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Review the Heavy Vehicle National Law says committee

Trucking industry gains progress on some points sought, bar FIRS change


Queensland Parliament’s Transport and Public Works Committee has urged a Heavy Vehicle National Law (HVNL) assessment be undertaken, in its report on proposed amendments.

But there appears to some possible hurdles in the advice.

“The committee also notes that any review of the national legislation would need to be considered and agreed to by the Transport and Infrastructure Council,” it says in its Heavy Vehicle National Law and Other Legislation Amendment Bill 2018 report.

“While the committee notes that this is a matter for the Minister, it considers that it would be prudent that the Minister consult with his interstate colleagues on whether there is a need for a comprehensive review of the HVNL as suggested by stakeholders.”

Stakeholders support a “timely review” of HVNL, committee chair Shane King states in the report’s foreword.

It is a position the National Heavy Vehicle Regulator (NHVR) also backs.

But the push for the reforms to be enacted as soon as practicable, rather than delayed to year’s end as proposed by the farming lobby, looks like falling in between the positions.

The Queensland transport department (TMR) advised that the start date for the three phases of Chain Of Responsibility (COR) in executive officer liability provisions within the HVNL is to yet to be confirmed but is expected to start this calendar year.

This, however, must follow the passage of a further HVNL amendment Bill in the second half of the year, “subject to parliamentary processes”.

The committee says its task was to consider whether the Bill had “sufficient regard to the rights and liberties of individuals, and to the institution of Parliament”.

“With regard to the issue of the timing of the commencement of the proposed amendments, the committee is satisfied that sufficient effort is being expended by the NHVR and other industry bodies to ensure that affected stakeholders will be aware of their obligations prior to commencement,” the committee says.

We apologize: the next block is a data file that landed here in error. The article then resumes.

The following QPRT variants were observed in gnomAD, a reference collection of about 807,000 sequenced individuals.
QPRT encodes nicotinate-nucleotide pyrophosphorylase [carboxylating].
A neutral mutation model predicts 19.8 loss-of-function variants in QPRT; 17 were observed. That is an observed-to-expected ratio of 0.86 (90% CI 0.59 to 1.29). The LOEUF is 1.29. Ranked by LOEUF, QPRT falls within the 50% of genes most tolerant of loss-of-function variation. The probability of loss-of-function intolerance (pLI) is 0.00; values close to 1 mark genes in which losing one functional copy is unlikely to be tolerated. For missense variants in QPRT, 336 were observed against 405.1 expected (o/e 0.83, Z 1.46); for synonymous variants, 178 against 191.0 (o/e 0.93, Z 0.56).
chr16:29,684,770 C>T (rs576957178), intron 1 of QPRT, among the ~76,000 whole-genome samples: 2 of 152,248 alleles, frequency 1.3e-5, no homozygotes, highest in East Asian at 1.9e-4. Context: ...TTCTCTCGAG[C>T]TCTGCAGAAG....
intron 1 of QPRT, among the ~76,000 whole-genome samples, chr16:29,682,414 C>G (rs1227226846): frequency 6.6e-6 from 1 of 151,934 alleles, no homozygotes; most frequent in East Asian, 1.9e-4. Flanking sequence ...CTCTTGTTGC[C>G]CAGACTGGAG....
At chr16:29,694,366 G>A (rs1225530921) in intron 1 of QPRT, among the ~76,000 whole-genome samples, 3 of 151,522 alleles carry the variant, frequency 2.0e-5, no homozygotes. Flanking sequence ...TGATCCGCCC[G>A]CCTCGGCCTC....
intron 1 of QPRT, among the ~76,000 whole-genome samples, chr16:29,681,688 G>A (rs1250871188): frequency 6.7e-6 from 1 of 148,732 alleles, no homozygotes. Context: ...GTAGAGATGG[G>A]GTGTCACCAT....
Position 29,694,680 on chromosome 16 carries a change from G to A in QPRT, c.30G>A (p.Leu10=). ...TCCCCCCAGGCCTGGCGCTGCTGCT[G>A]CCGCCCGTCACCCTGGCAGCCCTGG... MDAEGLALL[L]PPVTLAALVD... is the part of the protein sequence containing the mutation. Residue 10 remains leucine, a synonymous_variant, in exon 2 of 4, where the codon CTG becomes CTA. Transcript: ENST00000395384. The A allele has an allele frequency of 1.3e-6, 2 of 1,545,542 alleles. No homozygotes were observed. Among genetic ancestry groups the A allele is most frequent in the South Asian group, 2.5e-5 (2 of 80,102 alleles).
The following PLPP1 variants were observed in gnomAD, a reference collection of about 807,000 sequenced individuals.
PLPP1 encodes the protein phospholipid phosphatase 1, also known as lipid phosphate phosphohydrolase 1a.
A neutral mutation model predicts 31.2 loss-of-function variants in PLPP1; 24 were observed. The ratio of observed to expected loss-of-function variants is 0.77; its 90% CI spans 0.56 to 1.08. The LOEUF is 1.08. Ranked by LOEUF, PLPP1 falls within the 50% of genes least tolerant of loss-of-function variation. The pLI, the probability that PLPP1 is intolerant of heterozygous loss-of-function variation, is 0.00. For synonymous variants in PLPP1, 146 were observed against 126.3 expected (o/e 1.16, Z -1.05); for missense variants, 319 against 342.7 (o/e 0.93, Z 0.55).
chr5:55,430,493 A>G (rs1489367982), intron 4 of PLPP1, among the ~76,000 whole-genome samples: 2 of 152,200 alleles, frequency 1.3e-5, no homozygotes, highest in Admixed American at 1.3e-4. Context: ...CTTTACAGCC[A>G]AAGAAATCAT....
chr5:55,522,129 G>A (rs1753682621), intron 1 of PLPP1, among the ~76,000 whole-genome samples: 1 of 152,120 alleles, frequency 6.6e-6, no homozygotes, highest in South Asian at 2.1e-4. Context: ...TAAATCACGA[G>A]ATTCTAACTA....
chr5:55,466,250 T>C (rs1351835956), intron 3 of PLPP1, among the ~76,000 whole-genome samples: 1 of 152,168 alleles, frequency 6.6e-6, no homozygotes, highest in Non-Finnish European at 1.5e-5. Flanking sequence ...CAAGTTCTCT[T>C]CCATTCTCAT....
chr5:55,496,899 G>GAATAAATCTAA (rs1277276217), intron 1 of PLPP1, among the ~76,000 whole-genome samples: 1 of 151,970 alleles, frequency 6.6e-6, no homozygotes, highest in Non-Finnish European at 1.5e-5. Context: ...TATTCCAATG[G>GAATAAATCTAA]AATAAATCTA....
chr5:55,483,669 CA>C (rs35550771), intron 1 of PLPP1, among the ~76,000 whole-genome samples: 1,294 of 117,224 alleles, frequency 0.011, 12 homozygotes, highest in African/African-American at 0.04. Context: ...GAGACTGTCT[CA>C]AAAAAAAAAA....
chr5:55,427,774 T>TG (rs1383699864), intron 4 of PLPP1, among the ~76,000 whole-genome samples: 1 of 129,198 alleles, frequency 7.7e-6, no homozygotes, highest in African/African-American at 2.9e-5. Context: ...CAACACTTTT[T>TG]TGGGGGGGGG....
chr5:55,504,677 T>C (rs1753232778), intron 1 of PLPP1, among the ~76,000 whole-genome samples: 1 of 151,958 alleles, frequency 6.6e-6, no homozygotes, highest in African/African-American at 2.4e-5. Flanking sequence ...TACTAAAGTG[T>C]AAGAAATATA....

“With regard to the issue of voluntary directors’ responsibilities, the committee is satisfied that the proposed amendment is consistent with other provisions within the Act.”

The committee also considers that existing provisions the WHS legislation and the proposed provisions in the HVNL result in the same outcomes for voluntary directors.

The possibilities of loopholes was a point of contention for the Australian Livestock and Rural Transporters Association (ALRTA) and the National Road Transport Association (NatRoad).

However, it states this issue should be the subject of discussion in any future review of the Act.

The industry could make no headway on the closure of the Federal Interstate Registration Scheme (FIRS).

The committee merely notes that the decision is within the federal government’s jurisdiction and that the proposed amendments “provide registration relief for those heavy vehicles transitioning to the Queensland registration system from FIRS”.

Regarding the advantages and disadvantages of the registration being state and territory based, with only the database maintained by the NHVR, the committee merely pointed to the department’s position that “this was a decision made by the Transport and Infrastructure Council in reviewing the legislation and policies.

“The advantages of course are simplicity around providing the information quickly and being able to provide it to the National Heavy Vehicle Regulator simply out of a central repository,” the department says.

“There is already a central repository that exists for all vehicles, which is NEVDIS [National Exchange of Vehicle and Driver Information System] run by Austroads, and they are effectively pulling the information out of that system so that the National Heavy Vehicle Regulator can manage the heavy vehicle fleet.

“The difficulty of course with full transition to the National Heavy Vehicle Regulator would be customers being able to pay for their registration, go to customer service centres et cetera. They can still do that with the state based systems. Obviously this is a point in time. These things may be reviewed in the future.”

The point on vehicle owners being alerted by road authorities about driver infractions in their trucks was supported.

The committee considers that the benefits of these provisions outweigh the privacy issues outlined by legal and civil liberties bodies.


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